I, You, He/she/it/they?

Recently I attended a workshop on point of view and came away confused and overwhelmed. The teacher presented us with six versions of POV with short examples. Too much for me to absorb in one hour. And it all felt prescriptive, as if I ought to select a POV before the story or memoir begins. (Poetry never entered the room, ever the unwelcome guest in a garden party.)

So what do I think about POV? I think it grows out of the relationship between the writer and the reader. It has to do with distance. Mostly, it has to do with voice. Whose voice does the writer transcribe as the piece develops? And it makes its presence known in the language, especially the pronouns, those pesky little words that mean so much. First person–I, we–suggests but does not guarantee a closeness between the narrator and the reader. And it can be unreliable, or as a plural it can hint at connection or community. If a writer dares speak for others, well, go for it. In some cases, it can be useful. In Faulkner’s “A Rose for Emily” the whole town seems to be telling the story, and in that process revealing a common displeasure and disinterest in the history of the gentile but rebellious Emily. You might want to read this short story.

Really, there is no shortcut to finding the perfect voice to tell a story. Even in memoir we edit our language and revelations. I say, write the story as it comes, set it aside and go back when your head clears, hoping to find that the narrator keeps us reading and is somewhat consistent in telling the tale. Better still, notice how books you love (or hate) work. I’m currently reading Less by Andrew Sean Greer, who scored a Pulitzer for the novel. My inner jury is still sequestered. Greer makes some quirky turns in POV, startles me out of the flow of the story. Halfway through, I’m in no position to judge him. Besides, he has a major award, and I don’t. Does that tell you something?

Endings and Bananas

In the Sept/Oct 1917 issue of Poets & Writers, Joyce Maynard, in her essay “Patience and Memoir,” writes that for years she wrote a syndicated newspaper column, Domestic Affairs, in which she always felt the need to find “some kind of conclusion” even if there was none. I see that as one of my issues, the desire to tidy up the mess, leave the reader satisfied, provide dessert after a nourishing meal.

Endings challenge me. Right now, as I type this blog, I am avoiding a needed revision for a novel that ends, as mine often do, abruptly. Why truncate a story after laboring to deliver it fully formed? For one thing, I fear boring the reader, not taking up more of their precious time. Well, that’s not a healthy attitude. And better folk than I have said in various ways to “Stay in the room,” (Judy Reeves, A Writer’s Book of Days); BICHOK–butt in chair, hands on keyboard (Dan Manzanares, Lighthouse Writers Workshop); “Write beyond the last line” (Rosemerry Wahtola Trommer, poet). My own four-word mantra begins with Commit (and includes Discover, Create, Connect). So I’ve committed to a fuller ending for that novel, despite my insecurities.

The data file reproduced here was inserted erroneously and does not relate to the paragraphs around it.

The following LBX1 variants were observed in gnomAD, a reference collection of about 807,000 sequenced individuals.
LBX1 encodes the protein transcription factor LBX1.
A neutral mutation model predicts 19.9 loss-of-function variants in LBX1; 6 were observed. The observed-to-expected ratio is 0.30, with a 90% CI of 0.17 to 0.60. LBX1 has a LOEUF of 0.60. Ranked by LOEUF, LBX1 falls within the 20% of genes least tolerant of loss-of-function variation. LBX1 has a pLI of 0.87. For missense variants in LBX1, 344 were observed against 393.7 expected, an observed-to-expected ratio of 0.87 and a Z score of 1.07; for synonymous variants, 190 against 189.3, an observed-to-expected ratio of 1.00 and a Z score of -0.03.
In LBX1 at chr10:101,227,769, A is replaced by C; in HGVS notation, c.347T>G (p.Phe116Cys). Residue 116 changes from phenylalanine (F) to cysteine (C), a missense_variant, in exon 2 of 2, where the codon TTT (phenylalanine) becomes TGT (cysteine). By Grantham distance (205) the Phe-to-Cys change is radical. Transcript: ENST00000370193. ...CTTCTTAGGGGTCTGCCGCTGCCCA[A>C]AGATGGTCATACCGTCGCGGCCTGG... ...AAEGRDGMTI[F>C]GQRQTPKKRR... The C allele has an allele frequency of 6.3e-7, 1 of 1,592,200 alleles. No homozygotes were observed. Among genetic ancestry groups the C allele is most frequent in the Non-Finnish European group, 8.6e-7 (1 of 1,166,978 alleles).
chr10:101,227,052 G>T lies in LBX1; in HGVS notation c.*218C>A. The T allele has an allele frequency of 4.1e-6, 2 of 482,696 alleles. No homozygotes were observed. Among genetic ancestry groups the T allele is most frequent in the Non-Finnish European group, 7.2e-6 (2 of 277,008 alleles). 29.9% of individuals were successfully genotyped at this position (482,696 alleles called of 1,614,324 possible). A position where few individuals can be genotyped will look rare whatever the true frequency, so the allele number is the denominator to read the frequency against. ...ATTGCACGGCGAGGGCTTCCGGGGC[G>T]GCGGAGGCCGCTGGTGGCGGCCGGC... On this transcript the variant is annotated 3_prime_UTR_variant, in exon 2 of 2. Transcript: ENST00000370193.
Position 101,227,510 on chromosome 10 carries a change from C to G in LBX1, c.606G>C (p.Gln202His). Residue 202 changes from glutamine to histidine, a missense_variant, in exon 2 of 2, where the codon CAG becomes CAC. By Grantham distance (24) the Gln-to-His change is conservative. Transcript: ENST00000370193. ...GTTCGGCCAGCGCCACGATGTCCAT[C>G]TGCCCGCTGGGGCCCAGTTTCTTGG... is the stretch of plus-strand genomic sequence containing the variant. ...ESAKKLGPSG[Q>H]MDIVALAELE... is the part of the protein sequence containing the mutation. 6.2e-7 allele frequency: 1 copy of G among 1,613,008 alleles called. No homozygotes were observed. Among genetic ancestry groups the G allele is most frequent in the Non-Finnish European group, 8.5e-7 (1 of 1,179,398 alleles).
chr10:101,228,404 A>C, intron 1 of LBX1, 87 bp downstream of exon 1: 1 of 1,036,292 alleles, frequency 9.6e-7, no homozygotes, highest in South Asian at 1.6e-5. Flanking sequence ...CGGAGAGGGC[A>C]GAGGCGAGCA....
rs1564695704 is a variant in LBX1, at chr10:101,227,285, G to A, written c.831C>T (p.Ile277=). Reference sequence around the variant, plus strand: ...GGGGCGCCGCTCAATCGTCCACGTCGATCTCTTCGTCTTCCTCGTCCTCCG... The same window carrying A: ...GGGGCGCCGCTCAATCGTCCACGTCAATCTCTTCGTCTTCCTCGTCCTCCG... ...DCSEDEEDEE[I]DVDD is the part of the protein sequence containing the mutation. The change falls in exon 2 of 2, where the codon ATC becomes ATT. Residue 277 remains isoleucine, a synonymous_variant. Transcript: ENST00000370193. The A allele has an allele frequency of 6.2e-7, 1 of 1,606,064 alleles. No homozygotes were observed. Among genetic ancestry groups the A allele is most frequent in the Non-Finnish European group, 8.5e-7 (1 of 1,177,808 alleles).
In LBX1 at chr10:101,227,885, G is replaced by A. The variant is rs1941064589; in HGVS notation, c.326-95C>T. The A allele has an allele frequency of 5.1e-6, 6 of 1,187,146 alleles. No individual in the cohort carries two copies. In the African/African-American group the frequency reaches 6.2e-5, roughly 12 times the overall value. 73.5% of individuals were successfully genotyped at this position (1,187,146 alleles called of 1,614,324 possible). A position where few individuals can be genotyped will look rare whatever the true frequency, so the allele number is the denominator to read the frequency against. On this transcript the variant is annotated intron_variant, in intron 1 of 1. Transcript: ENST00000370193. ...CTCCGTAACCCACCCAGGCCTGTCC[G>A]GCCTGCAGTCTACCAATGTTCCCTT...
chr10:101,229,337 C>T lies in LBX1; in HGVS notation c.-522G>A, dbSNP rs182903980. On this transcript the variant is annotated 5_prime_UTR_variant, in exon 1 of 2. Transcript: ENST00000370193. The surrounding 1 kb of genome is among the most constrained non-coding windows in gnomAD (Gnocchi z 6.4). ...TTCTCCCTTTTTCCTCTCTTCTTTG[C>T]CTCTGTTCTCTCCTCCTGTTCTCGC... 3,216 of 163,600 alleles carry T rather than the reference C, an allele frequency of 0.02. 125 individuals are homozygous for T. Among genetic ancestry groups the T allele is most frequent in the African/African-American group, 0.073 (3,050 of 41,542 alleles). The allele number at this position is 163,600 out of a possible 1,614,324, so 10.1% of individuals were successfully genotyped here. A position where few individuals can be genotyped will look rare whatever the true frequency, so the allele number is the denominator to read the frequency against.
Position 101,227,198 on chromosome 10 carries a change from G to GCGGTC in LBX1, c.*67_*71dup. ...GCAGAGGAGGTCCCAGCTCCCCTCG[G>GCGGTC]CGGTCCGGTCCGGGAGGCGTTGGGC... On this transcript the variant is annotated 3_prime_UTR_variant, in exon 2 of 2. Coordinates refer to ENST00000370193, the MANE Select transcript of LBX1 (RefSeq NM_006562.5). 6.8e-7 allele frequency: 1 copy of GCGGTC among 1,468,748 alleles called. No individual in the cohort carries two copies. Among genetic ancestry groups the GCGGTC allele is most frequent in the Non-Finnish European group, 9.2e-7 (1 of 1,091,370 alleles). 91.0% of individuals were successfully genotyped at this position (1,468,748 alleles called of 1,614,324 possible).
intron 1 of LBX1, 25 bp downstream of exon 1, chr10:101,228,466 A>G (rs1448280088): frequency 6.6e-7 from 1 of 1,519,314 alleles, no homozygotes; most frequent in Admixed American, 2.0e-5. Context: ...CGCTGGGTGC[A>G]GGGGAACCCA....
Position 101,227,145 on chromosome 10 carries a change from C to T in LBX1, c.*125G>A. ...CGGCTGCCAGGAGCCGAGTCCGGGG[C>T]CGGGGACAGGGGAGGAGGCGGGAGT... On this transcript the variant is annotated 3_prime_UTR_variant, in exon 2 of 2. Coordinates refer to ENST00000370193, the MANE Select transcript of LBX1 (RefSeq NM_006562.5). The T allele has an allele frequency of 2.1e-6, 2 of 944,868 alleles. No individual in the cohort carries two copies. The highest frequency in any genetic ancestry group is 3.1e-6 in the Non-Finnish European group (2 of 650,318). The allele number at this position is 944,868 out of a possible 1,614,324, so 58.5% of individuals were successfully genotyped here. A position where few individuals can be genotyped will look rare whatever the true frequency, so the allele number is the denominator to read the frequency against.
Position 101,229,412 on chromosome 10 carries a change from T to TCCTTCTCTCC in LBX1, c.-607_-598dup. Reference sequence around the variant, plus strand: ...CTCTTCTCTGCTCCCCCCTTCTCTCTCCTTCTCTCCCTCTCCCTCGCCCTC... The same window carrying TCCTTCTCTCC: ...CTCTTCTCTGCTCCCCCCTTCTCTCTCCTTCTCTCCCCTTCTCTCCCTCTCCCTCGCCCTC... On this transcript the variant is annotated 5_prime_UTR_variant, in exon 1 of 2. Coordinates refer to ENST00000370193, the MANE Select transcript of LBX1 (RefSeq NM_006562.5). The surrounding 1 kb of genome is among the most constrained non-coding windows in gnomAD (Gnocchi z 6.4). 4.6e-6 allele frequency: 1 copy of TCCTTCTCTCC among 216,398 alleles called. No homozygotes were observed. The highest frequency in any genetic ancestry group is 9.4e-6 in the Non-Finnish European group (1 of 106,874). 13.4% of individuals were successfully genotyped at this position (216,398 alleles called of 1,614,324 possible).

Writing is like marriage or parenthood. Some days you need to buy bananas but you long to drive past the supermarket, just keep going till the gas gauge hits E. But you don’t. You stop for coffee or a walk in the park. You clean up the mess on the page and bandage your aching ego. And by you, I mean me too.

Writer as Architect

While other little girls were jumping rope or playing with paper dolls, I was drawing house plans. My grandfather was, among other things, a building inspector, and I happily tagged along while he inspected new construction in our small town. If I had been born later in the century, I might have said that I wanted to be an architect, but no one took my interest seriously and I was left to choose between teaching English or nursing. I’ve done both, but deep down I still long to wrestle with big designs. The closest I have ever come to real architecture was to write a newspaper article about Buckminster Fuller, my secret hero. I am fascinated by the tiny-house movement. I live in an apartment of my own design.

Now there is the architecture of a novel challenging me. I have to provide a living structure for my characters, not just a house but several and a city to contain them. My people need roads, offices, and houses with kitchens and bedrooms and good plumbing. They need furniture, doors and windows. They need everything. I’m doing architecture on a grand scale, what would be a planned community if I weren’t dealing with the city of Providence, RI. It’s already there and I have to fit my creations into what exists. Grandad never had such a challenge.